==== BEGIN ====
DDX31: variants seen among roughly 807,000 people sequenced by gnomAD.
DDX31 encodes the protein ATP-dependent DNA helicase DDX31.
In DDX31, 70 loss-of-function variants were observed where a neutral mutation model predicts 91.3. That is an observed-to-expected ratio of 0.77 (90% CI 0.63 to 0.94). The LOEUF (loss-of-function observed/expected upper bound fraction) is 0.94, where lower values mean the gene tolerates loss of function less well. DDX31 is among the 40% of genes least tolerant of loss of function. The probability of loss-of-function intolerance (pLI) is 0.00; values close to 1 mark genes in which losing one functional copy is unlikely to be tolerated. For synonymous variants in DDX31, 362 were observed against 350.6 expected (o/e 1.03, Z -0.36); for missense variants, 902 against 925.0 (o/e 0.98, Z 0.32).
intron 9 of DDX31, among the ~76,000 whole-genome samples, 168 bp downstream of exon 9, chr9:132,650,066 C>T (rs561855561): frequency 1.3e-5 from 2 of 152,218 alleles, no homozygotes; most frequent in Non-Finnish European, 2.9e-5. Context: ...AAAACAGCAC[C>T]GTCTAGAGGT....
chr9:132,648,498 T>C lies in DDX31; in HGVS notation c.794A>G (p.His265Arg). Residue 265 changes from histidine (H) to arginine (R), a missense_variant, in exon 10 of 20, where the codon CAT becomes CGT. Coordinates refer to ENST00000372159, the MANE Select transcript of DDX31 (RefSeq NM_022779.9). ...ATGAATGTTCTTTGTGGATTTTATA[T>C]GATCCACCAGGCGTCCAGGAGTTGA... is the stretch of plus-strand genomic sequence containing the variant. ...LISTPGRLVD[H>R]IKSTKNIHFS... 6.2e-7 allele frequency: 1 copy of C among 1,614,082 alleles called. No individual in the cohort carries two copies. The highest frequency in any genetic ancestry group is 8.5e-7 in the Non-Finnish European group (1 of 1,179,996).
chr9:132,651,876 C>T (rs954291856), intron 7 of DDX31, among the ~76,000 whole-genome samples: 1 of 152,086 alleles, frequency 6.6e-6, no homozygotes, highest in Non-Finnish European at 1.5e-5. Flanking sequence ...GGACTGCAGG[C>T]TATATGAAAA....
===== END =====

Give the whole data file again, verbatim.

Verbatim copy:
DDX31: variants seen among roughly 807,000 people sequenced by gnomAD.
DDX31 encodes the protein ATP-dependent DNA helicase DDX31.
In DDX31, 70 loss-of-function variants were observed where a neutral mutation model predicts 91.3. That is an observed-to-expected ratio of 0.77 (90% CI 0.63 to 0.94). The LOEUF (loss-of-function observed/expected upper bound fraction) is 0.94, where lower values mean the gene tolerates loss of function less well. DDX31 is among the 40% of genes least tolerant of loss of function. The probability of loss-of-function intolerance (pLI) is 0.00; values close to 1 mark genes in which losing one functional copy is unlikely to be tolerated. For synonymous variants in DDX31, 362 were observed against 350.6 expected (o/e 1.03, Z -0.36); for missense variants, 902 against 925.0 (o/e 0.98, Z 0.32).
intron 9 of DDX31, among the ~76,000 whole-genome samples, 168 bp downstream of exon 9, chr9:132,650,066 C>T (rs561855561): frequency 1.3e-5 from 2 of 152,218 alleles, no homozygotes; most frequent in Non-Finnish European, 2.9e-5. Context: ...AAAACAGCAC[C>T]GTCTAGAGGT....
chr9:132,648,498 T>C lies in DDX31; in HGVS notation c.794A>G (p.His265Arg). Residue 265 changes from histidine (H) to arginine (R), a missense_variant, in exon 10 of 20, where the codon CAT becomes CGT. Coordinates refer to ENST00000372159, the MANE Select transcript of DDX31 (RefSeq NM_022779.9). ...ATGAATGTTCTTTGTGGATTTTATA[T>C]GATCCACCAGGCGTCCAGGAGTTGA... is the stretch of plus-strand genomic sequence containing the variant. ...LISTPGRLVD[H>R]IKSTKNIHFS... 6.2e-7 allele frequency: 1 copy of C among 1,614,082 alleles called. No individual in the cohort carries two copies. The highest frequency in any genetic ancestry group is 8.5e-7 in the Non-Finnish European group (1 of 1,179,996).
chr9:132,651,876 C>T (rs954291856), intron 7 of DDX31, among the ~76,000 whole-genome samples: 1 of 152,086 alleles, frequency 6.6e-6, no homozygotes, highest in Non-Finnish European at 1.5e-5. Flanking sequence ...GGACTGCAGG[C>T]TATATGAAAA....